Señor Groove: Little Havana

Señor Groove: Little Havana

The real Cuba may be just about ninety miles away from the tip of Florida, but where Señor Groove come from, in Miami, there’s more of it than anywhere else in continental USA. The Smith brothers – bassist Tim and guitarist Roddy – know a lot about what happens in their home-town and put a magnificent spin on the Afro-Caribbean music that has not only captivated the world, but nestles cheek-by-jowl with Jazz and almost every other contemporary stylistic idiom in music, wherever music is played and enjoyed. Happily, Señor Groove do it better than most and on Little Havana they prove it too with a fine grasp of the code of clave that is distilled into the music with refreshing originality from song to song; beginning to end.

This music is naturally rhythm-driven with the majestic rumble of Tim Smith’s bass, the energetic, floating lines of Roddy Smith’s guitar, the rolling thunder of Marcelo Perez’s drums, Murph Armstrong’s wonderful percussion colouring and the shimming brilliance of Martin Bejerano’s pianism. All of this comes to a head in “Little Havana” a rollicking song that roars in montuno and with a rippling Latin-Jazz groove that builds up enormously under Mr Bejerano’s complex tumbao. This, of course, comes after a superb unraveling of the clave code right out of the gate on “3.5 x 2”, which, in turn, is followed with a plush reading of the classic “Drume Negrita”; a version that is made quite special by the poetic grace of Roxana Amed’s vocal.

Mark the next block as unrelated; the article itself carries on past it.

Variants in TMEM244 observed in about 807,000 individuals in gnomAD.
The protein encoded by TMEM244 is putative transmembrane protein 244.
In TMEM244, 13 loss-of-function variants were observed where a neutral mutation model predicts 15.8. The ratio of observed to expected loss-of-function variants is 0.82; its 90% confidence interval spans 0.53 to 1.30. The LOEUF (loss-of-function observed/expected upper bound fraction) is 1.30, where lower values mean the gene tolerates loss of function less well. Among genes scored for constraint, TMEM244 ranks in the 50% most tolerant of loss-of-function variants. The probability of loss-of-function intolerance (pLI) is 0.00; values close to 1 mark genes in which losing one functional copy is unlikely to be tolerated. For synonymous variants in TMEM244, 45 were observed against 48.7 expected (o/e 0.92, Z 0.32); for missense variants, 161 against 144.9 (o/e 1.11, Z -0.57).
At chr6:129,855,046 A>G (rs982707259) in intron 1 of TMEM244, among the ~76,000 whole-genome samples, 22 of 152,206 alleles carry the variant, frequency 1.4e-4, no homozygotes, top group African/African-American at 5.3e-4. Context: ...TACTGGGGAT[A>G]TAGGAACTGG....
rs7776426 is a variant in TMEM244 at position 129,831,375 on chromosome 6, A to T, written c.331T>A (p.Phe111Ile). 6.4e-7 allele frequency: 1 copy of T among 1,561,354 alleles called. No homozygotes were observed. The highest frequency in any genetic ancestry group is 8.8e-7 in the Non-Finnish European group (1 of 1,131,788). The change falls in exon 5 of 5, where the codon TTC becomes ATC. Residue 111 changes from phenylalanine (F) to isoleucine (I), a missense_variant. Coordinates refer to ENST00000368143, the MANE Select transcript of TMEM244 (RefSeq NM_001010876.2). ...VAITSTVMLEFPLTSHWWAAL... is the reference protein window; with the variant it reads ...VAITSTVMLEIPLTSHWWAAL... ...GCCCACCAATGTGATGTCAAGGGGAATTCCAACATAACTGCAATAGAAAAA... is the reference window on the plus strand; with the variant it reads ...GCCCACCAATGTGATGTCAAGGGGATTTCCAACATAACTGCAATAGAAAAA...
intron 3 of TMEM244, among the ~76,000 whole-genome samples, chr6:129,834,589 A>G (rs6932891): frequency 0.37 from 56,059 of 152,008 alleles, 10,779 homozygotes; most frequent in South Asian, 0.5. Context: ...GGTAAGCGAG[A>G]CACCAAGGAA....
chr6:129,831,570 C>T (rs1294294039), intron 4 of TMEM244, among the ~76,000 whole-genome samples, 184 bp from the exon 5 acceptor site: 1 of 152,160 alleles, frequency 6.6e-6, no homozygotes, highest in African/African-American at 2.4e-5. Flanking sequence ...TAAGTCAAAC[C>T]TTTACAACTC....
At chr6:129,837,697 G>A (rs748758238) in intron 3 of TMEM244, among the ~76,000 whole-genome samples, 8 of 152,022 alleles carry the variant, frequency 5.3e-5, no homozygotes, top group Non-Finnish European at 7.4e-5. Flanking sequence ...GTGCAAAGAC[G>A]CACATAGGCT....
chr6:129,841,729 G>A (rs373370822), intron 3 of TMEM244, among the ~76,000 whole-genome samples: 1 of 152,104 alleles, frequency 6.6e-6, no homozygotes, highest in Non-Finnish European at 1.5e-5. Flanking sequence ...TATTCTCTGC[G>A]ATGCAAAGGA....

One is continually delighted with the ravishingly percussive tumbling groove every now and then gives way to a loose and funky rhythm as in the tantalising blue-grass-like shuffle of “Linville Falls” a riveting, dancing chart that begins in blue-grass mode and changes to a raucous samba before reverting back to its original groove. This is a magnificent feature for trumpeter Brian Lynch and for tenor saxophonist Ed Calle. The chart is followed by “Second Time Round” and here the spotlight reveals inimitable John Daversa who puts aside his trumpet for an EWI – the instrument that was virtually introduced into music by the late Michael Brecker. Mr Daversa is a powerhouse whenever he makes an entrance and his performance on this track is no different as he adds other-worldly tone colours to the twinkling of Roddy Smith’s guitar and Martin Bejerano’s piano.

Recorded sound balances detail and warmth, not to mention the highest level of virtuosity and invention, individuality and exploration at every turn. It’s also touching and toe-tapping in equal measure. Best of all it’s impressive musicianship from everyone involved, in response to the unique artistic vision of its co-creators from Señor Groove.

Track list – 1: 3.5 X 2; 2: Drume Negrita; 3: Little Havana; 4: Lellarap; 5: Linville Falls; 6: Second Time Around; 7: C 100

Personnel – Tim Smith: bass; Roddy Smith: guitar; Marcelo Perez: drums; Martin Bejerano: piano; Murph Aucamp: percussion; Tim Gordon: saxophone, flute and bass clarinet (2, 3, 7); David Sneider: trumpet (3); Brian Lynch: trumpet (5); Ed Calle: saxophone (5); Andre Bernier: organ (4, 5); John Daversa: EWI (6); Nick Lamb: synth (6); Connor Golden: synth (6); Roxana Amed: vocals (2); Gary Lindsay: string arrangements (2); David Davidson: violin (2); Karen Winkelman: violin (2); Monisa Angell: viola (2); Carole Rabinowitz: cello (2)

Released – 2019
Label – ZOHO Music (ZM201902)
Runtime – 38:09

Raul Da Gama
Raul Da Gama
Based in Milton, Ontario, Canada, Raul is a poet, musician and an accomplished critic whose profound analysis is reinforced by his deep understanding of music, technically as well as historically.

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